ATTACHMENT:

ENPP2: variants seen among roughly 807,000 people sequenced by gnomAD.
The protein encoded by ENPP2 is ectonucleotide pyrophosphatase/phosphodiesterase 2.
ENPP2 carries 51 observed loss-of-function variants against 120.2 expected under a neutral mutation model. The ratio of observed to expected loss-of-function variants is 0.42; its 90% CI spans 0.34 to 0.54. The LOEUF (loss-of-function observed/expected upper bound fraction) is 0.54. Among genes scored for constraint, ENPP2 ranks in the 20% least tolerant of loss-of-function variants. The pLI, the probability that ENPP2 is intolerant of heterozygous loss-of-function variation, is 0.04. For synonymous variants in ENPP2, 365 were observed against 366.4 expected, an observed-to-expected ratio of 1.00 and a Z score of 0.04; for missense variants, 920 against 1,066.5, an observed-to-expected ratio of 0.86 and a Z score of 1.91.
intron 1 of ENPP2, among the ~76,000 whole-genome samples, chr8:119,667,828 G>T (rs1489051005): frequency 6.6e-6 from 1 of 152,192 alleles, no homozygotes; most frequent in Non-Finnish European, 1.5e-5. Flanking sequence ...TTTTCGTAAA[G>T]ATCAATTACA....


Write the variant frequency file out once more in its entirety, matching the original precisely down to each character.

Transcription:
ENPP2: variants seen among roughly 807,000 people sequenced by gnomAD.
The protein encoded by ENPP2 is ectonucleotide pyrophosphatase/phosphodiesterase 2.
ENPP2 carries 51 observed loss-of-function variants against 120.2 expected under a neutral mutation model. The ratio of observed to expected loss-of-function variants is 0.42; its 90% CI spans 0.34 to 0.54. The LOEUF (loss-of-function observed/expected upper bound fraction) is 0.54. Among genes scored for constraint, ENPP2 ranks in the 20% least tolerant of loss-of-function variants. The pLI, the probability that ENPP2 is intolerant of heterozygous loss-of-function variation, is 0.04. For synonymous variants in ENPP2, 365 were observed against 366.4 expected, an observed-to-expected ratio of 1.00 and a Z score of 0.04; for missense variants, 920 against 1,066.5, an observed-to-expected ratio of 0.86 and a Z score of 1.91.
intron 1 of ENPP2, among the ~76,000 whole-genome samples, chr8:119,667,828 G>T (rs1489051005): frequency 6.6e-6 from 1 of 152,192 alleles, no homozygotes; most frequent in Non-Finnish European, 1.5e-5. Flanking sequence ...TTTTCGTAAA[G>T]ATCAATTACA....